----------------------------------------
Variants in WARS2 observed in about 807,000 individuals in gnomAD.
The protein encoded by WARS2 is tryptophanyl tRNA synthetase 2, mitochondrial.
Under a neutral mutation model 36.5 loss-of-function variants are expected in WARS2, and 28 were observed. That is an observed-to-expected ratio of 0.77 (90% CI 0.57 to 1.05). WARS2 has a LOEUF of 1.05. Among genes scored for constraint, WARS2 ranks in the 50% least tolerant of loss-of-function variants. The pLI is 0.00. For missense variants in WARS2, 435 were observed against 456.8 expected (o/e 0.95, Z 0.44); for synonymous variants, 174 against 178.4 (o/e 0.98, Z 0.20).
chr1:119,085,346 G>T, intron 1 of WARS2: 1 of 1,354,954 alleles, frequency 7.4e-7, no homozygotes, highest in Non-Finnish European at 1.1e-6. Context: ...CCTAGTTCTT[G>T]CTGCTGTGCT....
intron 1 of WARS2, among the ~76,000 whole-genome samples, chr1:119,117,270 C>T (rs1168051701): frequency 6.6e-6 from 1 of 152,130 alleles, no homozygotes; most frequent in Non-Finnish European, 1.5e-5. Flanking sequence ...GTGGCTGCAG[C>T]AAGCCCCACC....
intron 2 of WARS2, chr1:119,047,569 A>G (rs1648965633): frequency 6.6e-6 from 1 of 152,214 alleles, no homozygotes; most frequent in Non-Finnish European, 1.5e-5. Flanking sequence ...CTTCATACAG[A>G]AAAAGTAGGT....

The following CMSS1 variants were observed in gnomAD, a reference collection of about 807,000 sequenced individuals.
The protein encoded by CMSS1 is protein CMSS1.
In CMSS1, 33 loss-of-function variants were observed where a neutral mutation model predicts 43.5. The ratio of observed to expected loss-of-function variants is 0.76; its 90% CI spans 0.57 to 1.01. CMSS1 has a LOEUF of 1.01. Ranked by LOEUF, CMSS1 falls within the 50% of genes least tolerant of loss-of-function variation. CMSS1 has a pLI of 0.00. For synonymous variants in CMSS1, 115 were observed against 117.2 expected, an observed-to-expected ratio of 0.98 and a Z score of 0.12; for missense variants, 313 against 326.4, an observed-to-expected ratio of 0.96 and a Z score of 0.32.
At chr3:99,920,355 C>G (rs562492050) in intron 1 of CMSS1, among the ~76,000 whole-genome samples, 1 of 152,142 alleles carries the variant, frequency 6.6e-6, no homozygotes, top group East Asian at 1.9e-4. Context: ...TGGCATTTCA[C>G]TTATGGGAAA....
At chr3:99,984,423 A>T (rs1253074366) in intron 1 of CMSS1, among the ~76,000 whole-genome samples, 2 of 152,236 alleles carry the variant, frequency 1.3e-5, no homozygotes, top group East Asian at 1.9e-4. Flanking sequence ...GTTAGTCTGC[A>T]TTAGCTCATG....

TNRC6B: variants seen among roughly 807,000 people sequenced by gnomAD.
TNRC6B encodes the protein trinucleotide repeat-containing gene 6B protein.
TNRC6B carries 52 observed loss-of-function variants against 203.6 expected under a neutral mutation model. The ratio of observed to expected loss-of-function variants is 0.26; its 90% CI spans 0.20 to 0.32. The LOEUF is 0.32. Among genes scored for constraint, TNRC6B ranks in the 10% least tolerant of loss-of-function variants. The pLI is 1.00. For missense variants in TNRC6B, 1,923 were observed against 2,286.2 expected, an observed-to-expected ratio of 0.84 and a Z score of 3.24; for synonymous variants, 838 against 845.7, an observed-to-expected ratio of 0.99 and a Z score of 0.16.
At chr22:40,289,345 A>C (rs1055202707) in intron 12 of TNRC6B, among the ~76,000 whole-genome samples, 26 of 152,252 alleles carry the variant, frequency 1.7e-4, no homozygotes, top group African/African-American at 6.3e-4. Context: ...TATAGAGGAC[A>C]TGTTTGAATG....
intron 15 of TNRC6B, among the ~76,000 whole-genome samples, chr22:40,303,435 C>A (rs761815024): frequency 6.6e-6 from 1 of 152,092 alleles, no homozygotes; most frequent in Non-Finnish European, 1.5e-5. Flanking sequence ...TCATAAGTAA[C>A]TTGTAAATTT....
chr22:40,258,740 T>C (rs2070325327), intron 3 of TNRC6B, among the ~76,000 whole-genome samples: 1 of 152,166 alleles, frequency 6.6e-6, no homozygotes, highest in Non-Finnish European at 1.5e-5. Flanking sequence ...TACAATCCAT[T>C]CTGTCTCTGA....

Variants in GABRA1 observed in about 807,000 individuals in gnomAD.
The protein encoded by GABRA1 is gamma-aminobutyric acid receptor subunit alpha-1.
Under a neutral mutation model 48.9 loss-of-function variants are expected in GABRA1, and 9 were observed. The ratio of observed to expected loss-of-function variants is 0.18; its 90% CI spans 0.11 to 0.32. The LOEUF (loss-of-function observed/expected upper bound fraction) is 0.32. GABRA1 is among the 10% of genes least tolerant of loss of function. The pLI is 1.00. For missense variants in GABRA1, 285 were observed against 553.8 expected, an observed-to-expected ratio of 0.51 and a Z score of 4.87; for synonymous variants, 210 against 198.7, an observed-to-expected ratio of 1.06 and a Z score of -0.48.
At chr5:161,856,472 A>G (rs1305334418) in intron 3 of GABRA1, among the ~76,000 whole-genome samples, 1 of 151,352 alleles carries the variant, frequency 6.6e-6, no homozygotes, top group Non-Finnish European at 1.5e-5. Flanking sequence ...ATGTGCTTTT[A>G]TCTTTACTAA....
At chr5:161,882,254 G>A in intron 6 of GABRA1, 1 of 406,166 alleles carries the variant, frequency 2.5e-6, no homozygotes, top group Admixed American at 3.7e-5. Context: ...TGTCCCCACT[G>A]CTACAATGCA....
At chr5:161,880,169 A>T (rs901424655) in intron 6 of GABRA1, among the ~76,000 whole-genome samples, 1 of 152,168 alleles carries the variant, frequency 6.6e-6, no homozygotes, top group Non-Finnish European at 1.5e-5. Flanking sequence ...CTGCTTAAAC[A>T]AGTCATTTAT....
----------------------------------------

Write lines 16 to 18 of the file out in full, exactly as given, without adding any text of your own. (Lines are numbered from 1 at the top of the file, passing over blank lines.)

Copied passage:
intron 15 of TNRC6B, among the ~76,000 whole-genome samples, chr22:40,303,435 C>A (rs761815024): frequency 6.6e-6 from 1 of 152,092 alleles, no homozygotes; most frequent in Non-Finnish European, 1.5e-5. Flanking sequence ...TCATAAGTAA[C>A]TTGTAAATTT....
chr22:40,258,740 T>C (rs2070325327), intron 3 of TNRC6B, among the ~76,000 whole-genome samples: 1 of 152,166 alleles, frequency 6.6e-6, no homozygotes, highest in Non-Finnish European at 1.5e-5. Flanking sequence ...TACAATCCAT[T>C]CTGTCTCTGA....

Variants in GABRA1 observed in about 807,000 individuals in gnomAD.